The bench variation requires that one knee be placed on top of the bench while the second foot remains on the ground. One hand is also placed on the bench while the other holds the dumbbell. As such, in this variation, only 1 side of the back can be exercised at a time.
The TRX is a suspended training tool that is great for working out the back with your own bodyweight. TRX rows can be done by leaning back while holding the TRX handles and pulling up at a 45-degree angle. By adjusting the angle through the position of the feet, it is possible to change the exercise difficulty. By placing the feet further forward, the exercise can be made significantly harder.
The seated row exercise can be performed at home using a resistance band. Select a resistance band with the appropriate thickness – the thicker the band, the harder the exercise will be. Take a seat and loop the band around your feet. Pull the band while maintaining good posture. Some resistance bands also have handles which can make the exercise more comfortable to complete.
Australian pull-ups are great because they can be done at the local park without buying equipment or investing in a gym membership. All you need is a low bar or set of parallel bars to complete this exercise. This exercise replicates the TRX rows and is done underneath the bar while keeping an angle of 45 degrees. Pull yourself up at this angle while maintaining a straight body. Your objective is to touch your chest to the bar.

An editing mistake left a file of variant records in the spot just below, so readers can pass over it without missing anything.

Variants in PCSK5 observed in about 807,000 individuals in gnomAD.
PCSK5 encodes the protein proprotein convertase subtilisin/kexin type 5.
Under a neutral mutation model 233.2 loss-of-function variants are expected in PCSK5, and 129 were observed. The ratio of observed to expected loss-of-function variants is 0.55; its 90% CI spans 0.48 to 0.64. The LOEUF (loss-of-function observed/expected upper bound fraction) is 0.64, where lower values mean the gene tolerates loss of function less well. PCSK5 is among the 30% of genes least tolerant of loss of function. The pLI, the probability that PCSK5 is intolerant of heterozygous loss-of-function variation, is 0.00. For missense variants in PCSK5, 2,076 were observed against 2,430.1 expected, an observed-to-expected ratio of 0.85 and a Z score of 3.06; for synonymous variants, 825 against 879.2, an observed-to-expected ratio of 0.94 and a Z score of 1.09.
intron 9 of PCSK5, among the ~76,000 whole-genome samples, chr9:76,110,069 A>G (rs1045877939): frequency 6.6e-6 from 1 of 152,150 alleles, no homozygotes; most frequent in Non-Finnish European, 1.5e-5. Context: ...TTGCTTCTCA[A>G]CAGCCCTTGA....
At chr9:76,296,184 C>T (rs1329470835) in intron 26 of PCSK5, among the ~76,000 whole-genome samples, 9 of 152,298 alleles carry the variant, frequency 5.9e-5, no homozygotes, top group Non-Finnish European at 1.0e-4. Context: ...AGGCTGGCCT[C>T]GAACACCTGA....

Back fat cannot be targeted directly through exercise, but overall fat definitely can be! High-intensity exercise is best for reducing overall fat, which will contribute to the loss of back fat as well. Strength exercises for the back can also strengthen the back muscles creating a firmer and leaner looking back.
Guest Author: Vic is a Melbourne-based Personal Trainer, Calisthenics Athlete, and the Founder of Street Workout St Kilda & Liquid Chalk Shop. He has a passion for bodyweight training and the art of movement.